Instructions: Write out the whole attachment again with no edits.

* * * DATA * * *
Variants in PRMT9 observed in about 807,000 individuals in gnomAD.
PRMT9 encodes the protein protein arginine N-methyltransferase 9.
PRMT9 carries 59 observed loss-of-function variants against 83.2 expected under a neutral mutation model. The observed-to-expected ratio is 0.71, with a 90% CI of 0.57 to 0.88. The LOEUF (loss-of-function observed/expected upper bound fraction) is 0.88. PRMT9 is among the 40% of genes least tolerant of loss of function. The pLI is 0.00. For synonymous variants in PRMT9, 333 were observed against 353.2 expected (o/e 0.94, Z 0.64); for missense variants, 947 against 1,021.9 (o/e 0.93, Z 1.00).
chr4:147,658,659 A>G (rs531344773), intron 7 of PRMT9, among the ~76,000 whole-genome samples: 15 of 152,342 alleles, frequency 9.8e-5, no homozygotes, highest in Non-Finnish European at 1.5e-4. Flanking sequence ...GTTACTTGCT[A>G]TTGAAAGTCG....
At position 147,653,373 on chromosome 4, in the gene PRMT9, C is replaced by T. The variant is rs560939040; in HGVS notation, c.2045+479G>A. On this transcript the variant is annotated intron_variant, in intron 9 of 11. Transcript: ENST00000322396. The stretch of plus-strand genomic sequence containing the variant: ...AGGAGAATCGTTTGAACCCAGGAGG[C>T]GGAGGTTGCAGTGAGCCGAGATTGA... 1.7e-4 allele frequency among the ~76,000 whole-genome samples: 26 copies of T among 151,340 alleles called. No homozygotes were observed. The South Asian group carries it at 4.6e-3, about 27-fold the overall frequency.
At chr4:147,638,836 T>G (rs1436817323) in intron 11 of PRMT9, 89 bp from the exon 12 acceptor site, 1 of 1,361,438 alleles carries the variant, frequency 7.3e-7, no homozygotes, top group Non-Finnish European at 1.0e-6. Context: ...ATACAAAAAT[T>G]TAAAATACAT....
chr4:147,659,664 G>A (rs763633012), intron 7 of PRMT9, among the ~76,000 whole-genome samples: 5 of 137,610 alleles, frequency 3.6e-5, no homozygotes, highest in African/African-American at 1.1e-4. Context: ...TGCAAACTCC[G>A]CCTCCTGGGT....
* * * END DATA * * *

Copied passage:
Variants in PRMT9 observed in about 807,000 individuals in gnomAD.
PRMT9 encodes the protein protein arginine N-methyltransferase 9.
PRMT9 carries 59 observed loss-of-function variants against 83.2 expected under a neutral mutation model. The observed-to-expected ratio is 0.71, with a 90% CI of 0.57 to 0.88. The LOEUF (loss-of-function observed/expected upper bound fraction) is 0.88. PRMT9 is among the 40% of genes least tolerant of loss of function. The pLI is 0.00. For synonymous variants in PRMT9, 333 were observed against 353.2 expected (o/e 0.94, Z 0.64); for missense variants, 947 against 1,021.9 (o/e 0.93, Z 1.00).
chr4:147,658,659 A>G (rs531344773), intron 7 of PRMT9, among the ~76,000 whole-genome samples: 15 of 152,342 alleles, frequency 9.8e-5, no homozygotes, highest in Non-Finnish European at 1.5e-4. Flanking sequence ...GTTACTTGCT[A>G]TTGAAAGTCG....
At position 147,653,373 on chromosome 4, in the gene PRMT9, C is replaced by T. The variant is rs560939040; in HGVS notation, c.2045+479G>A. On this transcript the variant is annotated intron_variant, in intron 9 of 11. Transcript: ENST00000322396. The stretch of plus-strand genomic sequence containing the variant: ...AGGAGAATCGTTTGAACCCAGGAGG[C>T]GGAGGTTGCAGTGAGCCGAGATTGA... 1.7e-4 allele frequency among the ~76,000 whole-genome samples: 26 copies of T among 151,340 alleles called. No homozygotes were observed. The South Asian group carries it at 4.6e-3, about 27-fold the overall frequency.
At chr4:147,638,836 T>G (rs1436817323) in intron 11 of PRMT9, 89 bp from the exon 12 acceptor site, 1 of 1,361,438 alleles carries the variant, frequency 7.3e-7, no homozygotes, top group Non-Finnish European at 1.0e-6. Context: ...ATACAAAAAT[T>G]TAAAATACAT....
chr4:147,659,664 G>A (rs763633012), intron 7 of PRMT9, among the ~76,000 whole-genome samples: 5 of 137,610 alleles, frequency 3.6e-5, no homozygotes, highest in African/African-American at 1.1e-4. Context: ...TGCAAACTCC[G>A]CCTCCTGGGT....